4)Carpenter got to a point in the mid 90's where he double billed abductees: he asked them for personal payment for their hypnosis sessions and billed their insurance and there is proof of this.

5)Finally, as a result of my filing a complaint against Carpenter's professional license because of his unethical handling of abductee cases, he was put on 5 years probation by the State of Missouri and there is online proof of this also so the state did agree with the case we collectively presented to their investigative board.

MUFON still throws out the "we want to stop the backbiting and infighting in Ufology" line as if there never has been a legitimate legal issue with how MUFON board members and representatives (as John was as their then Director of Abduction Research). This was the case MUFON still would like to forget. This is the case that caused MUFON's Board in 2001 to vote and throw out the "member" designation so that from then on persons affiliated with MUFON would be "subscribers" only and have no voting rights as to how the organization does business.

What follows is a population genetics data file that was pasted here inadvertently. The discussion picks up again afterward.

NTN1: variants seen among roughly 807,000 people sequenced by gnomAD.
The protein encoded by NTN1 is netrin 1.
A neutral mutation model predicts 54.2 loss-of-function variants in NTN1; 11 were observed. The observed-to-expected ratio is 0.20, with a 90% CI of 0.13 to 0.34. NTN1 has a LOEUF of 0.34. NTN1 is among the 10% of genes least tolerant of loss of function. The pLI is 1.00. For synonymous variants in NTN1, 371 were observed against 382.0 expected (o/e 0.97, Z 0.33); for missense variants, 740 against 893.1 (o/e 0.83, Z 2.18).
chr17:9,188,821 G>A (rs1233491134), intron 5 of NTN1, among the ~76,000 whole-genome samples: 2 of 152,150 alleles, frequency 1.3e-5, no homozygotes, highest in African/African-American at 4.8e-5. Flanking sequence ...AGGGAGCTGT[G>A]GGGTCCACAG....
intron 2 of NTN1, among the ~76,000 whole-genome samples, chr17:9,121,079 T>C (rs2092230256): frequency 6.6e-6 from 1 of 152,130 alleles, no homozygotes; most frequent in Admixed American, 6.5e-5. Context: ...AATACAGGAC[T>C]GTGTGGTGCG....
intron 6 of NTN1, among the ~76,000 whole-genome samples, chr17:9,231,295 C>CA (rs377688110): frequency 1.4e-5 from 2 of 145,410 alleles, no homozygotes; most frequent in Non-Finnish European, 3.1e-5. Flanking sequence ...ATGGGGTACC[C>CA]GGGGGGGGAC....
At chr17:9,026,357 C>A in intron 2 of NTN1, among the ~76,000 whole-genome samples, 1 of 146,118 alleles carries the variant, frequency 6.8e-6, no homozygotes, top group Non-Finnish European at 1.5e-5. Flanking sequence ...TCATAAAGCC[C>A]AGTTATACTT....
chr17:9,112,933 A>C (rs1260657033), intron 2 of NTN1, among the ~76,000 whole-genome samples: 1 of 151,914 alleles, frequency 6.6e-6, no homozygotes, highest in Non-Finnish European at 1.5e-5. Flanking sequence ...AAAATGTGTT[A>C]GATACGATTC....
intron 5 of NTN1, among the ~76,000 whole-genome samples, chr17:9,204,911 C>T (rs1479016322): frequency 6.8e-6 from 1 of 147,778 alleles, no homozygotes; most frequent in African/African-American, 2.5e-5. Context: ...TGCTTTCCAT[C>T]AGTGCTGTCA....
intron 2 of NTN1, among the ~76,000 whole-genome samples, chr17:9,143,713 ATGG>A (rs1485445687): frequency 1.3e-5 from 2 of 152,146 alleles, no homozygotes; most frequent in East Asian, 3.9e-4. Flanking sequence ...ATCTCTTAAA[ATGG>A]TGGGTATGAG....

(The Leah Haley Case: John Carpenter)

Points 1, 2 and 4 really stand out for me:
  • Carpenter wrote the ethical guidelines for MUFON about the proper way to deal with abductees, yet he didn't follow his own prescription.
  • Carpenter had planned to write a book about his abductees and was already selling a video containing clips from their private sessions with him. This was without their knowledge, of course.
  • He was double-billing the subjects! This on top of the money he made by selling their case files to Robert Bigelow.
In addition, both his ex-wife and then current wife were former abductees and subjects of his. How the heck did he pull that off? I mean, there are strong ethical prohibitions against therapists and such having anything to do with their patients outside the office, and Carpenter must have been aware of them. In contrast to Carpenter's atrocious behavior, Emma Woods' therapist followed the strict guidelines as soon as she passed into the care of David Jacobs. He made sure she understood them before he stopped treating her.

Finally, I know I'll probably get hammered for this, but it seems transparently obvious to me that recognition and money are two additional incentives for ethically-challenged researchers to create abduction memories in the minds of their patients. I understand that only a few researchers wind up with best-selling books, film rights and lucrative speaking tours, but I don't see how that stops others from trying to do the same. In my view, John Carpenter is one of the bad apples who got nailed before making it into the big time, thanks to the courage and moral fortitude of his wife, Elizabeth.